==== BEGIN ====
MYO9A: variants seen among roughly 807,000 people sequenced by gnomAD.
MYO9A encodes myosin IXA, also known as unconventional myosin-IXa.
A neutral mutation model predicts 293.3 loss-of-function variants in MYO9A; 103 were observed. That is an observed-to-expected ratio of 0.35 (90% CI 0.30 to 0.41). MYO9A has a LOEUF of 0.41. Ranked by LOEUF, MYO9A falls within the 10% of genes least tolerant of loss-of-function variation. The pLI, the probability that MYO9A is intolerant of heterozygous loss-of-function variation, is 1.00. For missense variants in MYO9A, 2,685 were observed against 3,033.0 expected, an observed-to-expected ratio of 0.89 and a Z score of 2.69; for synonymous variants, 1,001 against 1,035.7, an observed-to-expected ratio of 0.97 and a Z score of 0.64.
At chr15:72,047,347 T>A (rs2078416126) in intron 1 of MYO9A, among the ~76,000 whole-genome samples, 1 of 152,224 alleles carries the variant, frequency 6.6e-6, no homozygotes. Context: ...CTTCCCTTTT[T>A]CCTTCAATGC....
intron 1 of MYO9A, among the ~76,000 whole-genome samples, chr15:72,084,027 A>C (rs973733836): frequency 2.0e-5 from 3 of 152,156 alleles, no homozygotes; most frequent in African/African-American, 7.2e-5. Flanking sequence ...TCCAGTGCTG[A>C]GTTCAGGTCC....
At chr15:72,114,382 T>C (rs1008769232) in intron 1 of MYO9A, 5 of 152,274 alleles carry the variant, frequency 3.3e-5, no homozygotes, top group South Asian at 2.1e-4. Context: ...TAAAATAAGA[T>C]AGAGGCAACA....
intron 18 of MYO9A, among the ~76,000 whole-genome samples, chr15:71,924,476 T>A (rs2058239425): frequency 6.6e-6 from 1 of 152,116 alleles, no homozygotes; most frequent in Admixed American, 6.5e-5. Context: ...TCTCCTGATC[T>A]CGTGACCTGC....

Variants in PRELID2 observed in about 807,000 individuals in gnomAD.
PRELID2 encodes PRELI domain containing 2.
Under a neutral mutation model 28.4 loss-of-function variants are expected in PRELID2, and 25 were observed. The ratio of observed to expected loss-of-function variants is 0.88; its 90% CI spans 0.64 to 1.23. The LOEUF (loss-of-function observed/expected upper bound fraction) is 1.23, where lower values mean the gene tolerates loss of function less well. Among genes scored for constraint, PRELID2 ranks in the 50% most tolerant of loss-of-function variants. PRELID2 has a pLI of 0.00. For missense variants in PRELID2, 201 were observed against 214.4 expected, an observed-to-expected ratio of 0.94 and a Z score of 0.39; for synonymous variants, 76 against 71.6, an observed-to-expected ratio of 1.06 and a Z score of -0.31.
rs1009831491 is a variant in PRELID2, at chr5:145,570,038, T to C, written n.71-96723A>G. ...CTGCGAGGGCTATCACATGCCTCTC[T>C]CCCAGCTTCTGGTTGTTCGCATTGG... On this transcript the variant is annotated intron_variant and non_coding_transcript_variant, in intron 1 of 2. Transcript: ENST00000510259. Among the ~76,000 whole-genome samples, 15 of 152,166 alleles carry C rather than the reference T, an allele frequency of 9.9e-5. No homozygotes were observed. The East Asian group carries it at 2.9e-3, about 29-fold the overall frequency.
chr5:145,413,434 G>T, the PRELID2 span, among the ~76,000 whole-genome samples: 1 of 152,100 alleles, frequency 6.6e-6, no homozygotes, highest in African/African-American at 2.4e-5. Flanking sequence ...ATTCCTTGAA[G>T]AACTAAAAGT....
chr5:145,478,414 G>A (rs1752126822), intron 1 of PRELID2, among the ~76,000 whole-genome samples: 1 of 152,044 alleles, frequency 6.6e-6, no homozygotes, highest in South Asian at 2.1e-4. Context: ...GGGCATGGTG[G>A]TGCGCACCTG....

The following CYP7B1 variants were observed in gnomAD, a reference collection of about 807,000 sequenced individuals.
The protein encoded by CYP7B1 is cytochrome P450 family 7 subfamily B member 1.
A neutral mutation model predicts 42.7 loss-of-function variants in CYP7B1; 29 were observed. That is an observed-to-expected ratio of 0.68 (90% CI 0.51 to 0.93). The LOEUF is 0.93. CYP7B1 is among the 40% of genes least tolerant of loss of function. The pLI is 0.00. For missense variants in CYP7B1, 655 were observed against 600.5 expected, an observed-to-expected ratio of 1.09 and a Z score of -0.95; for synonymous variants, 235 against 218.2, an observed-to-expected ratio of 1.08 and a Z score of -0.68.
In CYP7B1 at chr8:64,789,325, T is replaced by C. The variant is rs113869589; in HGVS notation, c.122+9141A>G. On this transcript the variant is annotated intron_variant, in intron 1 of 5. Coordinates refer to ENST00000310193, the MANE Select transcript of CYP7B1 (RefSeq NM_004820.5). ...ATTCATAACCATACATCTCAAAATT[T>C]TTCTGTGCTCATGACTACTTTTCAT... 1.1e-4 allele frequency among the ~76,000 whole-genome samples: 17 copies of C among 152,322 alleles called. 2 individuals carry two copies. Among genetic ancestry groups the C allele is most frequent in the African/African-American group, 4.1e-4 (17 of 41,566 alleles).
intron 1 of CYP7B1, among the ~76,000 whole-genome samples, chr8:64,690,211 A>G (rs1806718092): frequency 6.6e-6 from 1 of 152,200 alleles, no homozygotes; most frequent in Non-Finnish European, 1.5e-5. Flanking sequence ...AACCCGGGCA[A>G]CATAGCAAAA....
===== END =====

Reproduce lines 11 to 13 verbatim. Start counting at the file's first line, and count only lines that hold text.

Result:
rs1009831491 is a variant in PRELID2, at chr5:145,570,038, T to C, written n.71-96723A>G. ...CTGCGAGGGCTATCACATGCCTCTC[T>C]CCCAGCTTCTGGTTGTTCGCATTGG... On this transcript the variant is annotated intron_variant and non_coding_transcript_variant, in intron 1 of 2. Transcript: ENST00000510259. Among the ~76,000 whole-genome samples, 15 of 152,166 alleles carry C rather than the reference T, an allele frequency of 9.9e-5. No homozygotes were observed. The East Asian group carries it at 2.9e-3, about 29-fold the overall frequency.
chr5:145,413,434 G>T, the PRELID2 span, among the ~76,000 whole-genome samples: 1 of 152,100 alleles, frequency 6.6e-6, no homozygotes, highest in African/African-American at 2.4e-5. Flanking sequence ...ATTCCTTGAA[G>T]AACTAAAAGT....
chr5:145,478,414 G>A (rs1752126822), intron 1 of PRELID2, among the ~76,000 whole-genome samples: 1 of 152,044 alleles, frequency 6.6e-6, no homozygotes, highest in South Asian at 2.1e-4. Context: ...GGGCATGGTG[G>A]TGCGCACCTG....